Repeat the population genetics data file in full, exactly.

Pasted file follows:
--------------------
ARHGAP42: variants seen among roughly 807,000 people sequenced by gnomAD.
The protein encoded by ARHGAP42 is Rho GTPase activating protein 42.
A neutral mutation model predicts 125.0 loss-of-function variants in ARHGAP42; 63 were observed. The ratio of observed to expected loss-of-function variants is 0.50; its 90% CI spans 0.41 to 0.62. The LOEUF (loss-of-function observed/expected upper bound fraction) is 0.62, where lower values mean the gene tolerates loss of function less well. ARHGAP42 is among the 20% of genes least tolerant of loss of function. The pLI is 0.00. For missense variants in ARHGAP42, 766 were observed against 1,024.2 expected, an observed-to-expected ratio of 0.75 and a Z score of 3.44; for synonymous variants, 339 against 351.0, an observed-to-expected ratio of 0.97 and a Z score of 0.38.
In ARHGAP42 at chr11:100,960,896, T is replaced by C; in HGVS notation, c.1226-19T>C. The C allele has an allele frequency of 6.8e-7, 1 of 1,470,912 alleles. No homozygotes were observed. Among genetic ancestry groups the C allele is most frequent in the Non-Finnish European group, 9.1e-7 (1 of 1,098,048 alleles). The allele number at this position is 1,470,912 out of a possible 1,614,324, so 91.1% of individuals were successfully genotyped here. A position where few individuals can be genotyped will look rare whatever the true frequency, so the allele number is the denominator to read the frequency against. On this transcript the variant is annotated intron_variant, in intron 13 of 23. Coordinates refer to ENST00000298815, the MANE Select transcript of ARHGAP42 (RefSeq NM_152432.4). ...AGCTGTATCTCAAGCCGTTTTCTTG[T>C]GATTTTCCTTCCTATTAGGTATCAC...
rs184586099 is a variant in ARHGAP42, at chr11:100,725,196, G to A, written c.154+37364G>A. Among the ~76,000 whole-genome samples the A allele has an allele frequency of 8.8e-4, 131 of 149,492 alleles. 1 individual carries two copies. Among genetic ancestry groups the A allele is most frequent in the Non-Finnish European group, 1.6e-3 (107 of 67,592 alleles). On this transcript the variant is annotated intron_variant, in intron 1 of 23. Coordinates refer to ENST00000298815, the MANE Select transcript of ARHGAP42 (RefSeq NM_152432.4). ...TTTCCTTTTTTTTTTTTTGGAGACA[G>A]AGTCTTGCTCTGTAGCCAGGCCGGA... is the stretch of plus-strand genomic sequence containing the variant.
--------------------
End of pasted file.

ARHGAP42: variants seen among roughly 807,000 people sequenced by gnomAD.
The protein encoded by ARHGAP42 is Rho GTPase activating protein 42.
A neutral mutation model predicts 125.0 loss-of-function variants in ARHGAP42; 63 were observed. The ratio of observed to expected loss-of-function variants is 0.50; its 90% CI spans 0.41 to 0.62. The LOEUF (loss-of-function observed/expected upper bound fraction) is 0.62, where lower values mean the gene tolerates loss of function less well. ARHGAP42 is among the 20% of genes least tolerant of loss of function. The pLI is 0.00. For missense variants in ARHGAP42, 766 were observed against 1,024.2 expected, an observed-to-expected ratio of 0.75 and a Z score of 3.44; for synonymous variants, 339 against 351.0, an observed-to-expected ratio of 0.97 and a Z score of 0.38.
In ARHGAP42 at chr11:100,960,896, T is replaced by C; in HGVS notation, c.1226-19T>C. The C allele has an allele frequency of 6.8e-7, 1 of 1,470,912 alleles. No homozygotes were observed. Among genetic ancestry groups the C allele is most frequent in the Non-Finnish European group, 9.1e-7 (1 of 1,098,048 alleles). The allele number at this position is 1,470,912 out of a possible 1,614,324, so 91.1% of individuals were successfully genotyped here. A position where few individuals can be genotyped will look rare whatever the true frequency, so the allele number is the denominator to read the frequency against. On this transcript the variant is annotated intron_variant, in intron 13 of 23. Coordinates refer to ENST00000298815, the MANE Select transcript of ARHGAP42 (RefSeq NM_152432.4). ...AGCTGTATCTCAAGCCGTTTTCTTG[T>C]GATTTTCCTTCCTATTAGGTATCAC...
rs184586099 is a variant in ARHGAP42, at chr11:100,725,196, G to A, written c.154+37364G>A. Among the ~76,000 whole-genome samples the A allele has an allele frequency of 8.8e-4, 131 of 149,492 alleles. 1 individual carries two copies. Among genetic ancestry groups the A allele is most frequent in the Non-Finnish European group, 1.6e-3 (107 of 67,592 alleles). On this transcript the variant is annotated intron_variant, in intron 1 of 23. Coordinates refer to ENST00000298815, the MANE Select transcript of ARHGAP42 (RefSeq NM_152432.4). ...TTTCCTTTTTTTTTTTTTGGAGACA[G>A]AGTCTTGCTCTGTAGCCAGGCCGGA... is the stretch of plus-strand genomic sequence containing the variant.